Chances are (if you work in the tech industry) that you’ve heard the acquisition story of the year thus far: Microsoft has bought voice and video chat giant Skype for $8.5 Billion. Skype has 663 million users worldwide, more than Facebook (600 million) or Twitter (200 million).
Microsoft is certainly not new to the voice and video chat game (it added voice and video chat in 2001 with MSN Messenger 4.6), but use of those capabilities is not popular. (In fact, I’ve used it since around that time and I had to research whether it could do voice and video myself.) Skype, on the other hand, has been the standard for free peer-to-peer VOIP chat since its inception in 2003.
So, what does this mean for us as consumers? It’s hard to say, but probably nothing good. Let’s review some of Microsoft’s previous acquisitions and their outcomes. First, the bad:
1. Fox Software – Makers of FoxPro database system. Bought in 1992, maintained and integrated into Microsoft’s Visual Studio IDE as Visual FoxPro, then halted development and maintenance in 2007. No plans for a new version so far.
2. Vermeer Technologies – Original developer of FrontPage, Microsoft’s first WYSIWYG HTML editor. Integrated into Microsoft Office suite from 1997-2003, then replaced by other MS products.
3. WebTV – ISP and internet browsing appliance manufacturer. Most people remember these; it allowed you to browse the web on your TV. Purchased by Microsoft in 1997, rebranded as MSN TV in 2001, no new hardware since 2006.
4. FASA Studio – Video game wing of board game manufacturer FASA, famous for games such as Battletech and Warhammer. Microsoft bought the divison in 1999, two years before the company collapsed on itself. It now only exists to collect licensing royalties from its past properties, and Microsoft’s FASA Studio shut its doors in 2007 after releasing just seven titles.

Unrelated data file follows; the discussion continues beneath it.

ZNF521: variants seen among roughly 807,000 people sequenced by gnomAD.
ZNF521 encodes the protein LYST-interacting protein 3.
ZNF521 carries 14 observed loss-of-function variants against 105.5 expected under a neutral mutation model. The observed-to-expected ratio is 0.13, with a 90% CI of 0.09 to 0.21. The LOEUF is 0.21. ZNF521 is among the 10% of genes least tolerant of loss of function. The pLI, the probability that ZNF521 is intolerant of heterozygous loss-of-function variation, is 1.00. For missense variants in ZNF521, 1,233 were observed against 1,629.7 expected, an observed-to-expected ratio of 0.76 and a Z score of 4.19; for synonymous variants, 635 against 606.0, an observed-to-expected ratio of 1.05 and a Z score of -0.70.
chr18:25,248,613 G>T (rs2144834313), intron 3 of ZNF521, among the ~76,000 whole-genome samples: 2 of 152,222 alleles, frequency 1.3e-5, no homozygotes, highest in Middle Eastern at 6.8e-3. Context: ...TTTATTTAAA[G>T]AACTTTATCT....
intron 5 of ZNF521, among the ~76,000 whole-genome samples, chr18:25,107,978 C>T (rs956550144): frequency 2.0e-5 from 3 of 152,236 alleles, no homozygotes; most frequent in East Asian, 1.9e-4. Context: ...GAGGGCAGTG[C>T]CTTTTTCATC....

5. Rare Ltd. – Those of us who grew up in the 90s fondly remember Rare. They created some of Nintendo’s greatest titles of that era (Battletoads, Donkey Kong Country, Killer Instinct, Goldeneye, Perfect Dark). Unfortunately, after they were acquired by Microsoft, they’ve drifted along as a second-rate handheld and XBox 360 Console developer.
Now, the good:
1. Bungie Software – If you don’t know who Bungie is, I have one word for you: HALO. Bungie was acquired in 2000 during the end of the original Halo’s development cycle after close to a decade as a small but well-received Macintosh game developer. Microsoft saw Halo as the perfect flagship game for their upcoming entry in the video game console wars, the XBox. Halo has spawned a total of six games and is a billion-dollar franchise. Despite all this, Bungie retained almost complete autonomy and creative control, and in 2007 they split off into a privately held LLC with Microsoft retaining a minority stake.
2. Visio Corporation – Developed its eponymous diagramming software throughout the 90s and was bought by Microsoft in 2000. Since 2003 has become a member of the Microsoft Office family and is very popular in corporate environments.
3. Hotmail – Anyone who thought the words “free email” before Google’s GMail debuted in 2004 would likely point to Hotmail, acquired in 1997 by Microsoft. Hotmail was literally the first web-based email service and Microsoft has dedicated itself since that time to keep Hotmail’s reputation as the consumer’s first choice in free email.
Now that we see all of these purchases as they have played out over the years, what can we conclude about Microsoft’s behavior towards the management of their acquired assets? The good thing is that Microsoft does have a track record of letting products continue, at least for a time, testing their viability in the market. The bad news is that Microsoft already has a stake in what Skype does: Video and voice chat via their Live Messenger product. I’d expect very little to happen at first, but the infrastructure, features, and resources will slowly bleed into Live Messenger, leaving only superficial differences between the two products. Five to ten years from now, Skype will probably be phased out, users offered incentives over time to migrate to the new, improved Live Messenger with development intentionally slow and dogged on the Skype program. Finally, it will cease its services altogether.